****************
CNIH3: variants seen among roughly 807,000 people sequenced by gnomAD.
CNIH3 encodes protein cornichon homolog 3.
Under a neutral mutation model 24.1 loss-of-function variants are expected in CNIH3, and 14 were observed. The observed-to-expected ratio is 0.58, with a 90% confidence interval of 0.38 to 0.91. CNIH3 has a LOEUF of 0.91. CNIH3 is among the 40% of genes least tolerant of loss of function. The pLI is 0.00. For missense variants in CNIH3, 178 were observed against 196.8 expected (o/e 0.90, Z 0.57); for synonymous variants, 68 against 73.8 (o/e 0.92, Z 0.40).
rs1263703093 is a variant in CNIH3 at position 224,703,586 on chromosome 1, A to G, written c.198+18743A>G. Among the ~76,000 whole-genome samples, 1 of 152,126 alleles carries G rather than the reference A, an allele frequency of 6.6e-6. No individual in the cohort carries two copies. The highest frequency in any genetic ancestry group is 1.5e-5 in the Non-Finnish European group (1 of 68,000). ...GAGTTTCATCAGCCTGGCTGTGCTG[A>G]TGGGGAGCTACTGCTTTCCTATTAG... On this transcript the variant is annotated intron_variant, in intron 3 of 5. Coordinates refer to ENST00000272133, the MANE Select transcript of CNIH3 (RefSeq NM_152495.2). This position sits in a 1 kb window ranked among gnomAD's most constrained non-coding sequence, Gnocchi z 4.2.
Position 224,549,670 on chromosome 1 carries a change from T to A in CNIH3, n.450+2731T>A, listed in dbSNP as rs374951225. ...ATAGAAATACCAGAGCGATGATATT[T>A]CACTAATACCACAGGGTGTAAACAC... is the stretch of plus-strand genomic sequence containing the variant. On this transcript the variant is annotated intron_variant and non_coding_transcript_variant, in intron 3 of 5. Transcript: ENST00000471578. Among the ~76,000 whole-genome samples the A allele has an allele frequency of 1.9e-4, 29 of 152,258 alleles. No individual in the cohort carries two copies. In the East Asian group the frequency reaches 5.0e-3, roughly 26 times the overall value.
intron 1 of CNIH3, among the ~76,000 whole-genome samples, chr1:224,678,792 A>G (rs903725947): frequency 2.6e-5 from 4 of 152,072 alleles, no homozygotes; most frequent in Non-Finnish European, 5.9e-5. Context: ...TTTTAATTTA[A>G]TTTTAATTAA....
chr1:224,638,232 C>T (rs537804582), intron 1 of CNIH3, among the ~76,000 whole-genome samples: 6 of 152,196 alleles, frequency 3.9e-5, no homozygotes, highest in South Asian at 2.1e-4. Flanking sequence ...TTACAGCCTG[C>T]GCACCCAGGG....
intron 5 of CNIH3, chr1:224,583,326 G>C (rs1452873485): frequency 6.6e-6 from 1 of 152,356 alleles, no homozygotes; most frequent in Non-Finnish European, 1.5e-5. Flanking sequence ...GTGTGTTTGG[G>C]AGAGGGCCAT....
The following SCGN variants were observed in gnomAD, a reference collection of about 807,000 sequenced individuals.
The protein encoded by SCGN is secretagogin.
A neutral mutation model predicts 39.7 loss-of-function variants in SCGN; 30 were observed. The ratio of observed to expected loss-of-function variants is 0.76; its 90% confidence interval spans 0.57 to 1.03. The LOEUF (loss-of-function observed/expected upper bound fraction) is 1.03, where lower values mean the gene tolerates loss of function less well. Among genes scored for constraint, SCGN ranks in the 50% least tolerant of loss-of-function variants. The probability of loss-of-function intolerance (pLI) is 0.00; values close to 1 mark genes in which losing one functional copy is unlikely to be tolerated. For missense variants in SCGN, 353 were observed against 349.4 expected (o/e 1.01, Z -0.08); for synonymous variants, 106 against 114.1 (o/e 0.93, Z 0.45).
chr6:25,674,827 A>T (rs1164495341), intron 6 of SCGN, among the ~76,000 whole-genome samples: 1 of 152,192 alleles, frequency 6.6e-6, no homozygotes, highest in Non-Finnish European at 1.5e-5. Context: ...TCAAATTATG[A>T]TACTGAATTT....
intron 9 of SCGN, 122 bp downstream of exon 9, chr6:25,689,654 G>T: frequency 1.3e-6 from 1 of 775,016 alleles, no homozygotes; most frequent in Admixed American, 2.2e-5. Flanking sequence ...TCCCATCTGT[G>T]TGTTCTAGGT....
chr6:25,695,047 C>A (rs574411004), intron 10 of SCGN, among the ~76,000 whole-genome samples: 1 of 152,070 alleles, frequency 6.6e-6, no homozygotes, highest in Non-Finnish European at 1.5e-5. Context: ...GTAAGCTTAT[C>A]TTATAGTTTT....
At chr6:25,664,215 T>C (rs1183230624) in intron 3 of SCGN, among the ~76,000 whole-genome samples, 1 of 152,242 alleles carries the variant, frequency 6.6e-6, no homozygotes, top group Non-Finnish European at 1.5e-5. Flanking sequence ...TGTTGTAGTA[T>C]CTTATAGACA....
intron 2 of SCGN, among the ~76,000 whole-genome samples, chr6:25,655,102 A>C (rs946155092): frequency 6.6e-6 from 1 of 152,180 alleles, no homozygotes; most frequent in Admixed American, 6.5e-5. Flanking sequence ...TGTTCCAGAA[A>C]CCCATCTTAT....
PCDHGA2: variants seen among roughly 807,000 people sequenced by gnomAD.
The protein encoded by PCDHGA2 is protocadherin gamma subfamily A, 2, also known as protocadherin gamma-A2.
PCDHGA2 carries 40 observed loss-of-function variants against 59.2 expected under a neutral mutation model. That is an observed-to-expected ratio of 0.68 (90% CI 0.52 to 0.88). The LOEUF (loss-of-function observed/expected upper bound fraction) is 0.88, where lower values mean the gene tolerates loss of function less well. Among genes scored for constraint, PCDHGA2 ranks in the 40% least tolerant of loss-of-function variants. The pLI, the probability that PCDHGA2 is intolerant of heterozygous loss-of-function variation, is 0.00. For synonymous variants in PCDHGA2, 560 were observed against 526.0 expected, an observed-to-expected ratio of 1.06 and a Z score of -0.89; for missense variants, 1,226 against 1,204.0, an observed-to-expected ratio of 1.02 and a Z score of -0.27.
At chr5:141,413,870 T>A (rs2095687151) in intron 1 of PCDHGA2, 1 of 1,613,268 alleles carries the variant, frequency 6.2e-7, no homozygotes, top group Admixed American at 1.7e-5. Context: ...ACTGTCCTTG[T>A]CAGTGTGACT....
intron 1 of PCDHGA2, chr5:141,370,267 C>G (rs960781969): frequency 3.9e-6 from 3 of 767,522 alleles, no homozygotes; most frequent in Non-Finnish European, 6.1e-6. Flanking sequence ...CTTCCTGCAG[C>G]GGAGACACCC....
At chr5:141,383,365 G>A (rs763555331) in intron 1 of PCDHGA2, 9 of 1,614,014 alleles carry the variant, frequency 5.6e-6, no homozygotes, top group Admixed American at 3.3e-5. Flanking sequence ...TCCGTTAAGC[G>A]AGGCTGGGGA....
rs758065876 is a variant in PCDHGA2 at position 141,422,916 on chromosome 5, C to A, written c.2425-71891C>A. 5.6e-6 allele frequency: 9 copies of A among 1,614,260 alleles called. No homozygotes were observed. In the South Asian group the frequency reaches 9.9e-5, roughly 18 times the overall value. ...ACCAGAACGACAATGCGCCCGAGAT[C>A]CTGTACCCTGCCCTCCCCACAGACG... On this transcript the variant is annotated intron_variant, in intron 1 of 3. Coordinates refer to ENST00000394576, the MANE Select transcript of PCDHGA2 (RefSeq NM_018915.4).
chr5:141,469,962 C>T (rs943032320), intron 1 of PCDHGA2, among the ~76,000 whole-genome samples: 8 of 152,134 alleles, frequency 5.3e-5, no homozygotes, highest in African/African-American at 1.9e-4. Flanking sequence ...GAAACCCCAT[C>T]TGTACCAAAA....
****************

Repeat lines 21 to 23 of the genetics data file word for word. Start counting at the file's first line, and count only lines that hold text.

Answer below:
intron 1 of PCDHGA2, chr5:141,370,267 C>G (rs960781969): frequency 3.9e-6 from 3 of 767,522 alleles, no homozygotes; most frequent in Non-Finnish European, 6.1e-6. Flanking sequence ...CTTCCTGCAG[C>G]GGAGACACCC....
At chr5:141,383,365 G>A (rs763555331) in intron 1 of PCDHGA2, 9 of 1,614,014 alleles carry the variant, frequency 5.6e-6, no homozygotes, top group Admixed American at 3.3e-5. Flanking sequence ...TCCGTTAAGC[G>A]AGGCTGGGGA....
rs758065876 is a variant in PCDHGA2 at position 141,422,916 on chromosome 5, C to A, written c.2425-71891C>A. 5.6e-6 allele frequency: 9 copies of A among 1,614,260 alleles called. No homozygotes were observed. In the South Asian group the frequency reaches 9.9e-5, roughly 18 times the overall value. ...ACCAGAACGACAATGCGCCCGAGAT[C>A]CTGTACCCTGCCCTCCCCACAGACG... On this transcript the variant is annotated intron_variant, in intron 1 of 3. Coordinates refer to ENST00000394576, the MANE Select transcript of PCDHGA2 (RefSeq NM_018915.4).